The pillars set up by Ashoka furnish the finest remains of the Mauryan art. The pillars with Ashoka edicts inscribed on them were placed either in sacred enclosures or in the vicinity of towns. The pillars are made of two types of stone-the spotted red and white sandstone from the region of Mathura and the buff coloured fine grained hard sandstone usually with small black spots quarried in Chunar near Banaras. The stone was transported from Mathura and Chunar to the various sites where the pillars have been found and here the stone was cut and carried by craftsmen. Each pillar has three parts: the prop under the foundation, the shaft of the column and the capital. The prop is buried in the ground. The shaft made of a single piece of sand stone supports the capital made of another single piece of sandstone. Thin round and slightly tapering shaft is highly polished and very graceful in its proportions. The capital which is the third part of the pillar consists of some finally executed animal figures such as the lion or the elephant.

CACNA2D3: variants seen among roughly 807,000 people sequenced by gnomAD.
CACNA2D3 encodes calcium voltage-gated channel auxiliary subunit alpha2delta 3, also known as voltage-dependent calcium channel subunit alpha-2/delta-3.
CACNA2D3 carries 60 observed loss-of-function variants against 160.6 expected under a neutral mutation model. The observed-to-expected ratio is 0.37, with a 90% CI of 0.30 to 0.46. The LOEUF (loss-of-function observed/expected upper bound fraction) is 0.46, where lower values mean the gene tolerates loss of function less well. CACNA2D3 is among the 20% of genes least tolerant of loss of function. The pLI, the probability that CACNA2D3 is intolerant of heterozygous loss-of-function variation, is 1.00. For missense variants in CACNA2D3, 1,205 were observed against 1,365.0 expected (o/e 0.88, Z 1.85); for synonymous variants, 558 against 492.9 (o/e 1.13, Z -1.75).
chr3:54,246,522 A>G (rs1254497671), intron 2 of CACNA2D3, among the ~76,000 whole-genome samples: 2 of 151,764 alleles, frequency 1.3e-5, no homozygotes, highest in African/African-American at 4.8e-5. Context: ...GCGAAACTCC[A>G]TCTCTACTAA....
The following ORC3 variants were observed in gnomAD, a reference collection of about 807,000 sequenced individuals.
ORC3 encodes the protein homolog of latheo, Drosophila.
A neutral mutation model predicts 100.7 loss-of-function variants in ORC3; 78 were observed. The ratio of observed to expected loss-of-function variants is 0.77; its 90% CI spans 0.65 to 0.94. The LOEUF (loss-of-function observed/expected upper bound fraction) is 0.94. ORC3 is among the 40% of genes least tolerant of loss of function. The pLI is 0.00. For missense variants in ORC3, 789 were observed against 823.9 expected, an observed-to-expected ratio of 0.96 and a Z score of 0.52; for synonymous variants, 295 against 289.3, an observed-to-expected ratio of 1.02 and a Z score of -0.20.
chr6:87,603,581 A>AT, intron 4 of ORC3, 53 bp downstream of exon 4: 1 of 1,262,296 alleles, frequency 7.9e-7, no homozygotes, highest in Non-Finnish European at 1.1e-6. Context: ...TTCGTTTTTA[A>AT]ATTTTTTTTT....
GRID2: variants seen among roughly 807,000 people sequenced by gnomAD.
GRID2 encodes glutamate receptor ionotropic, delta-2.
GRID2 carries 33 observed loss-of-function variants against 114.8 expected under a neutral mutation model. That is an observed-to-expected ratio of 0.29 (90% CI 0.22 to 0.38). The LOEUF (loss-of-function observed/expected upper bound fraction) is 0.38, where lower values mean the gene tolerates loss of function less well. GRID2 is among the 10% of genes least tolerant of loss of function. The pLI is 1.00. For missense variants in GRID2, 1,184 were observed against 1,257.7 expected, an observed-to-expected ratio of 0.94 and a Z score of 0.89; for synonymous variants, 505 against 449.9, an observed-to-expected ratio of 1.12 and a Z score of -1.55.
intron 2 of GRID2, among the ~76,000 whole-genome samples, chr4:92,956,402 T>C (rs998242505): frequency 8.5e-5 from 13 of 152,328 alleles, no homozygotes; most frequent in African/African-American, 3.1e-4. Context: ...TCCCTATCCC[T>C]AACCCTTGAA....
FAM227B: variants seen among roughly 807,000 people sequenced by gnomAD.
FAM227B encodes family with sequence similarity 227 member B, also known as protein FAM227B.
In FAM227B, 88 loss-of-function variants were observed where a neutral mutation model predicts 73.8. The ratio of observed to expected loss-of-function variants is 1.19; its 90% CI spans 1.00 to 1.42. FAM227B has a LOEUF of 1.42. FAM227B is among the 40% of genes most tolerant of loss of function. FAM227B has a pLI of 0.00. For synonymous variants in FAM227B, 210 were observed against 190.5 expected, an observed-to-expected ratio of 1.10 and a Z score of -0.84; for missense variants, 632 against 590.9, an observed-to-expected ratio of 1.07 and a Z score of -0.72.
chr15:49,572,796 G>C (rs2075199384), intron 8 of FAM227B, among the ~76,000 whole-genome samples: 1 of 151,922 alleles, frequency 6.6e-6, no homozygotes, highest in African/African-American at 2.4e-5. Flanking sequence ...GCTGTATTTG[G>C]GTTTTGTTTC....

The sacred dharmachakra with 24 spokes symbol engraved with animal seulpures in relief and the inverted or bell shaped lotus. The capital of the Sarnath Pillar is the magnificent and best piece of the series. The wonderful life like figures of four lions standing back to back and the smaller graceful and stately figures of four animals in relief on the abacus and the inverted lotus- all indicate a highly advanced form of art. The Indian government adopted this capital with some modifications as its state emblem. The sculpture of the Mauryan period is represented by the figures such as
Artistically these figures do not appear to belong to the same tradition as the animal capitals. They were probably carved by local craftsmen and not by the special craftsmen who were responsible for the animal capitals